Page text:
There are some things that people with hearing loss are not particularly good at, generally speaking: taking the minutes at meetings, hearing a pin drop, working as a UN translator, and playing the Whisper Game.
In this game, also known as ‘Telephone’ or ‘Chinese Whispers’, a group of people sits in a circle or around the room. A written message is shown to the first person, who then whispers the words to the person beside them, and it passes similarly along the line. Out loud, the last person says what he or she heard – usually to shouts of laughter at how much the message has changed from the original written words. What started out as “This year, the Florida weather people are warning us to expect a big snow fall in July” may end up as, “Horrible stuff happens to people who know the government’s secrets.”
I want to say two things about the Whisper Game. The first is that it should tear to shreds the urban myth that says 10% of the population has hearing loss; it’s clear from the Whisper Game that the actual number is around 90%.
Secondly – welcome to my world.
When playing the Whisper Game, ‘hearing’ people are getting a lick of the everyday hearing loss life. What I think I heard may be completely and dramatically different from what was actually said, as illustrated in this exchange with a friend some years ago.
Friend: Gael, would you like a diet Pepsi?
Me: Oh no – fleas! That’s terrible.
Friend: (Pauses.) No, I’m asking if you would like some pop!
Me: Oh. I thought you said Digby has fleas.
Luckily I indicated what I thought I’d heard; otherwise other friends would have heard about how poorly Digby the dog was being cared for.
But back to whispering, something that gives hard of hearing people the willies. Whispering is about intimate secrets just beyond our reach, just beyond our capability. When someone whispers into our ear, their message is instantly compromised. If people whispered at us the same way they talk to us – face to face, with reasonable lip movement and facial expression – we would have a fighting chance of comprehension.
But that’s not how people whisper. They move in close to our ear, their lips out of our sightline. ‘S’ and ‘F’ sound the same and emotions are colorless, because there is no tone of voice or facial expressions to help us out. The puffs of air we feel against our ear tell us nothing – they are just staccato bits of oxygen tickling our pinnas.
Some people, when we tell them we don’t understand whispering, will try whispering harder. This is like speaking loudly to a person who doesn’t understand your language – it doesn’t work. And if we jerk our neck to face the whisperer, it looks like we’re trying to kiss. We’re not, but we do worry that you’ll accidentally spit on our hearing aids or cochlear implant.
As a child or teenager with hearing loss, the announcement that we were going to play the Whisper Game immediately panicked me. What nine-year-old child is going to say, “Oh, let’s not play that game; I have hearing loss and it’s difficult to hear whispering. What about something else – anybody fancy five card stud?” Even adults aren’t that forthcoming – they say something mature like, “I have to go to the loo…so go ahead, don’t wait for me.”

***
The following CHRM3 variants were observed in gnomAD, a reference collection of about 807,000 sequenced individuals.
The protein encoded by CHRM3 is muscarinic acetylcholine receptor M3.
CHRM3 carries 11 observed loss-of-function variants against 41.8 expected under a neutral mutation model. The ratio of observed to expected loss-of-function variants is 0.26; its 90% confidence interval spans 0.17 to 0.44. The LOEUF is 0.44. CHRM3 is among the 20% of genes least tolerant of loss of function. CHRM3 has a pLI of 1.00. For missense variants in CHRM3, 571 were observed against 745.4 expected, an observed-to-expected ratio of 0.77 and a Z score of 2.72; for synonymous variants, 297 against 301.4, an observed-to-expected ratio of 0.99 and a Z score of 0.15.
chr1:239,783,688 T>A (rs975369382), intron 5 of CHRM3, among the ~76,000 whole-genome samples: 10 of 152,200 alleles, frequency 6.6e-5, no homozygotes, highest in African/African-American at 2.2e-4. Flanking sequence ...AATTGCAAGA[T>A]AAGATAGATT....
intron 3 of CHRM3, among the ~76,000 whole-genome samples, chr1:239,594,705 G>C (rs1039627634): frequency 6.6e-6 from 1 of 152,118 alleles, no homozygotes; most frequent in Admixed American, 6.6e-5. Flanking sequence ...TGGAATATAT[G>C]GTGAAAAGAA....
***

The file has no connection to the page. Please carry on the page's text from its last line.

Whispering has no voice. Words are formed the usual way with the tongue, lips and jaw, but instead of vibrating as in regular speech, vocal cords are adducted (move inward) to create audible turbulence, a hissing quality (Wikipedia). An interesting fact: while it uses less air and therefore less effort than normal speech, whispering tires the vocal cords more quickly. Actors or singers on vocal rest will not whisper for this reason. Vocal strain is also a good reason not to whisper to people with hearing loss. It’s like banging your head against a brick wall – it gets you nowhere and can possibly cause damage.
Some family doctors use the whispered voice test to detect possible hearing loss in their patients, so here’s a tip. During your next annual physical, if you feel little gusts of air coming at you from behind, say, “I hear you, doctor, there’s no need to yell.” If it was the doctor doing the whisper test, you just passed and are good for another year.
I love that term audible turbulence, because that’s how whispering can make me feel – anxious, upset and turbulent. Whispering is only 30dB (normal speech is approximately 60dB), so there’s no way I’m going to understand it without relying 100% on speechreading.
I wish I could understand it, because whispering looks intimate and beautiful, but I can’t. So to anyone who feels the urge to whisper in my ear, make us both happy – use your voice and show me the lips.
When You Whisper To Me
If you whisper in my ear,
Or at me, face to face
Your words are as comprehensible,
As those uttered by a snake.
(Worse, actually, because when a snake hisses, its meaning is crystal clear.)
I wish I could hear whispering
It seems intimate, connecting
But when you start whispering to me
It’s an exercise in frustration.
(And, you know, it makes me want to hit you, because I’ve told you this before.)
There are alternatives to whispering
Such as facing me, or speaking low
You could write it down, perhaps
Or, simply put your thoughts on hold.
(Or do us both a favor – go whisper to someone else.)
So, when you start to whisper to me,